The take home message from this study is: People who limit animal product consumption need a regular source of vitamin B12. People who follow a vegetarian diet due to a lack of food in an area with low amounts of available plant protein could become protein malnourished and this could possibly exacerbate elevated homocysteine levels. Vegans in developed countries can easily avoid these problems by supplementing with vitamin B12 and getting enough protein.


    1. Ingenbleek Y, McCully KS. Vegetarianism produces subclinical malnutrition, hyperhomocysteinemia and atherogenesis. Nutrition. 2011 Aug 26. [Epub ahead of print] Link

    2. Selhub J, Jacques PF, Dallal G, Choumenkovitch S, Rogers G. The use of blood concentrations of vitamins and their respective functional indicators to define folate and vitamin B12 status. Food Nutr Bull. 2008 Jun;29(2 Suppl):S67-73. Review. Link

    2009 AHS-2 Report: Vegans have Lower Blood Pressure

    Thursday, May 19th, 2011

    I was reading the latest issue of the Vegetarian Nutrition Dietetic Practice Group’s newsletter and saw that there had been a review article published in 2009 that listed data from the Adventist Health Study-2 that has not been reported elsewhere to my knowledge. It is cross-sectional data that showed vegans to have a 75% reduced risk of high blood pressure compared to non-vegetarians.

    More details can be seen in Table 11 of Disease Markers of Vegetarians.

    Because this is cross-sectional data, it does not mean a vegan diet reduces the risk of high blood pressure by 75%. It could be that people with high blood pressure are less likely to become vegan. And the results were not adjusted for smoking.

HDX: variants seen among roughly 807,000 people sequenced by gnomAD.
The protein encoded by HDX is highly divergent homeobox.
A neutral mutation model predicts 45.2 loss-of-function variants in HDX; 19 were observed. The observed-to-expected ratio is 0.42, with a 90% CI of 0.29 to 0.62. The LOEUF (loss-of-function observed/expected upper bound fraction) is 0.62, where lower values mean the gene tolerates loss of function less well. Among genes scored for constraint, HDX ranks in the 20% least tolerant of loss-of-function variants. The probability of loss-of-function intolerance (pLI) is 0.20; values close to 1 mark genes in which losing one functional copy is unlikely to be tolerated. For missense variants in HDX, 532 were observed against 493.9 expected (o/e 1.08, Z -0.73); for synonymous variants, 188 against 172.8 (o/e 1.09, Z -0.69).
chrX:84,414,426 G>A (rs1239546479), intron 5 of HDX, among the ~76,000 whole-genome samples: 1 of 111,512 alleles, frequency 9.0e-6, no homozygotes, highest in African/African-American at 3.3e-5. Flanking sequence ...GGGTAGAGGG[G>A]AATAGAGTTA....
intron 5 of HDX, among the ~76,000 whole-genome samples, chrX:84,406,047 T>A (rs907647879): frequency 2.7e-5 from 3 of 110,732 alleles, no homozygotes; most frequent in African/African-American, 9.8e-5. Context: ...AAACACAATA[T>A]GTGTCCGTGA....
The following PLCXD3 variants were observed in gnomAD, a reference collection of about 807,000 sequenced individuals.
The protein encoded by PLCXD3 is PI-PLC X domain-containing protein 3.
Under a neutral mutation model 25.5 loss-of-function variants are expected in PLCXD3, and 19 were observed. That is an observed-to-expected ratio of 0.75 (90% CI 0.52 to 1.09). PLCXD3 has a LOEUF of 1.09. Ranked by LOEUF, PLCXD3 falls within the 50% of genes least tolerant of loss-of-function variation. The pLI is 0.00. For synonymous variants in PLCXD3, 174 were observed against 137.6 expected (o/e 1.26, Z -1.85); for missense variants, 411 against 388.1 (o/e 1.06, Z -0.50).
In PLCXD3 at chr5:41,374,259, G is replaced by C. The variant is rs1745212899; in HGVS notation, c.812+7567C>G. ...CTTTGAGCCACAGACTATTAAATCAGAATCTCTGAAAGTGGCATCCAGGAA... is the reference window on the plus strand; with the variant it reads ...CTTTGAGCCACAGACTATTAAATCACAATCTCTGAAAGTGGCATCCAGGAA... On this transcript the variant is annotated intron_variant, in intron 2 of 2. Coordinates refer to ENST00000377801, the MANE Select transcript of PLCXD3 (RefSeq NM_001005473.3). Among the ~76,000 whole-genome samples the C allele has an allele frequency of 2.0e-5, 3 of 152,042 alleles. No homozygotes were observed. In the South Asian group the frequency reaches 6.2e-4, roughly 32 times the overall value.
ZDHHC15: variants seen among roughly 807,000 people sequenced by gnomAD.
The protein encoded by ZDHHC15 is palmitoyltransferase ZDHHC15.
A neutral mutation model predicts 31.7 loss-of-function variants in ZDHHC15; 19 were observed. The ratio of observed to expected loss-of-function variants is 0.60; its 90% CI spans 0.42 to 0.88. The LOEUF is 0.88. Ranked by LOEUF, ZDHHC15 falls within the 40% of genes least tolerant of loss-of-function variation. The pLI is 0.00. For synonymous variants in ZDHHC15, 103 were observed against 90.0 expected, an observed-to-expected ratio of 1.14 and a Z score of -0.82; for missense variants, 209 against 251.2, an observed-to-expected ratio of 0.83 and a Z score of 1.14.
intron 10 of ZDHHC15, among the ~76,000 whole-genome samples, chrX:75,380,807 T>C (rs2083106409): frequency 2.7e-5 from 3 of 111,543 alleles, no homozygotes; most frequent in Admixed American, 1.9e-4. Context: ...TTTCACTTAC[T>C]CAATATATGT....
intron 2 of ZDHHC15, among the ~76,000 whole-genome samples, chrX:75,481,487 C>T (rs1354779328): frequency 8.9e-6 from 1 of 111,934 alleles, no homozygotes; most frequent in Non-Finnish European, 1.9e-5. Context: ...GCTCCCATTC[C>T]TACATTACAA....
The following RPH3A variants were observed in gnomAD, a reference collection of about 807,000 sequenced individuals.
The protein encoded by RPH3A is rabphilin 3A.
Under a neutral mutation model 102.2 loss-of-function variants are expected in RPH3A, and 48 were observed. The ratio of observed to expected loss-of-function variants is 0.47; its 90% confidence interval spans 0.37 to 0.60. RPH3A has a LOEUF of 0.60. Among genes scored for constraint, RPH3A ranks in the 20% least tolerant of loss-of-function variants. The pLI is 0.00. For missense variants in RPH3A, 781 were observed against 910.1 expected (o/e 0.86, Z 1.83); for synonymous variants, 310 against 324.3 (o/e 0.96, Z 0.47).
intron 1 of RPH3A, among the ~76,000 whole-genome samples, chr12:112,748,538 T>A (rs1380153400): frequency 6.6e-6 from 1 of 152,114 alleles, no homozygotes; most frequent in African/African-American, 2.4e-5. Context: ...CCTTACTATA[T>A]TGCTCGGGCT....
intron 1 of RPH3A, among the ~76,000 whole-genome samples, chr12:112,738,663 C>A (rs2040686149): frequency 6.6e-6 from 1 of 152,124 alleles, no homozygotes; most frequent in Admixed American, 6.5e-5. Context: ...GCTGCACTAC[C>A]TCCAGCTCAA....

Prospective data from AHS-2 should help clarify how much is from the vegan diet in the coming years.

    Vegetarians have Lower Risk of Metabolic Syndrome

    Monday, April 25th, 2011

    Metabolic syndrome is a cluster of disorders that are associated with an increased risk of diabetes and cardiovascular disease. The disorders generally include high blood pressure, triglycerides, waist circumference, blood sugar, and low HDL cholesterol.

    Cross-sectional data of 773 subjects from the Adventist Health Study-2 (AHS2) showed that, when compared to regular meat-eaters, vegetarians (those eating meat or fish less than 1 time per month) had a 56% lower rate of metabolic syndrome (0.44, 0.30-0.64). Adjustments were made for age, sex, ethnicity, smoking, alcohol intake, physical activity, and caloric intake.

    Semi-vegetarians (defined as consuming fish at any frequency but consuming other meats ≥ 1 time per month but < 1 time/week), had an intermediate rate (specific data not reported).

    It was somewhat disturbing (though not completely surprising given a previous report from the AHS2) to see that although the vegetarians had the lowest average body mass index of the three groups, even theirs would be considered overweight at 25.7 kg/m2 (healthy is considered to be 20.0 to 25.0).

    Thanks, Matt and Dima.


    Rizzo NS, Sabaté J, Jaceldo-Siegl K, Fraser GE. Vegetarian Dietary Patterns Are Associated With a Lower Risk of Metabolic Syndrome: The Adventist Health Study 2. Diabetes Care. 2011 Mar 16. (Link)